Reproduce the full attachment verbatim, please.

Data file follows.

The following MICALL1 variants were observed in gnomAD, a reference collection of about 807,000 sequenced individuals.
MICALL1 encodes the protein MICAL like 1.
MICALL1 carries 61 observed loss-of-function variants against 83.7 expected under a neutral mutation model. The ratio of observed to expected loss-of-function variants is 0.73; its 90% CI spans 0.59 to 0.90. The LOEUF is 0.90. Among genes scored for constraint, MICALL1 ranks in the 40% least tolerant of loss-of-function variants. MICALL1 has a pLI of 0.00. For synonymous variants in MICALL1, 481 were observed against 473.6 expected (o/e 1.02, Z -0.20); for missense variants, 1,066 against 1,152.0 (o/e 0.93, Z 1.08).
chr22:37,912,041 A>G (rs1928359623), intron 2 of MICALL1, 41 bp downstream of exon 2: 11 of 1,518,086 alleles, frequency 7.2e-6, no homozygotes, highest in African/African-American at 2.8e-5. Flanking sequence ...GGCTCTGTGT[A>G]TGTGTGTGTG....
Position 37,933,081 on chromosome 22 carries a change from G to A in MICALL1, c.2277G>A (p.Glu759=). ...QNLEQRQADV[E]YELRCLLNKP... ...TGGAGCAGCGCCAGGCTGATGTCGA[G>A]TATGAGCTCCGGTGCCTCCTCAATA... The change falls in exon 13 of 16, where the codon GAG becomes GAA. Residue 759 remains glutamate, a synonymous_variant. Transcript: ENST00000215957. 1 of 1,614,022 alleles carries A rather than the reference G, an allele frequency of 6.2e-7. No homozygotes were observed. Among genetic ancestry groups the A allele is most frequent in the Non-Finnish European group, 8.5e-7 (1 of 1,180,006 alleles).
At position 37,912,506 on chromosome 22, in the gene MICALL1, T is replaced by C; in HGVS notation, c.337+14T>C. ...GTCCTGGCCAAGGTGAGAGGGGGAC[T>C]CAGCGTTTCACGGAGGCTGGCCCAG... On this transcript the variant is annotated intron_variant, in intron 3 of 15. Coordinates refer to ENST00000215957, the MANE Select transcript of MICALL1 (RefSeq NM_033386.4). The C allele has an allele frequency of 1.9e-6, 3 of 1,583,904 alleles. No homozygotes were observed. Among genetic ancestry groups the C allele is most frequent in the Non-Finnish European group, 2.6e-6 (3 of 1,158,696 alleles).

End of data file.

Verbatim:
The following MICALL1 variants were observed in gnomAD, a reference collection of about 807,000 sequenced individuals.
MICALL1 encodes the protein MICAL like 1.
MICALL1 carries 61 observed loss-of-function variants against 83.7 expected under a neutral mutation model. The ratio of observed to expected loss-of-function variants is 0.73; its 90% CI spans 0.59 to 0.90. The LOEUF is 0.90. Among genes scored for constraint, MICALL1 ranks in the 40% least tolerant of loss-of-function variants. MICALL1 has a pLI of 0.00. For synonymous variants in MICALL1, 481 were observed against 473.6 expected (o/e 1.02, Z -0.20); for missense variants, 1,066 against 1,152.0 (o/e 0.93, Z 1.08).
chr22:37,912,041 A>G (rs1928359623), intron 2 of MICALL1, 41 bp downstream of exon 2: 11 of 1,518,086 alleles, frequency 7.2e-6, no homozygotes, highest in African/African-American at 2.8e-5. Flanking sequence ...GGCTCTGTGT[A>G]TGTGTGTGTG....
Position 37,933,081 on chromosome 22 carries a change from G to A in MICALL1, c.2277G>A (p.Glu759=). ...QNLEQRQADV[E]YELRCLLNKP... ...TGGAGCAGCGCCAGGCTGATGTCGA[G>A]TATGAGCTCCGGTGCCTCCTCAATA... The change falls in exon 13 of 16, where the codon GAG becomes GAA. Residue 759 remains glutamate, a synonymous_variant. Transcript: ENST00000215957. 1 of 1,614,022 alleles carries A rather than the reference G, an allele frequency of 6.2e-7. No homozygotes were observed. Among genetic ancestry groups the A allele is most frequent in the Non-Finnish European group, 8.5e-7 (1 of 1,180,006 alleles).
At position 37,912,506 on chromosome 22, in the gene MICALL1, T is replaced by C; in HGVS notation, c.337+14T>C. ...GTCCTGGCCAAGGTGAGAGGGGGAC[T>C]CAGCGTTTCACGGAGGCTGGCCCAG... On this transcript the variant is annotated intron_variant, in intron 3 of 15. Coordinates refer to ENST00000215957, the MANE Select transcript of MICALL1 (RefSeq NM_033386.4). The C allele has an allele frequency of 1.9e-6, 3 of 1,583,904 alleles. No homozygotes were observed. Among genetic ancestry groups the C allele is most frequent in the Non-Finnish European group, 2.6e-6 (3 of 1,158,696 alleles).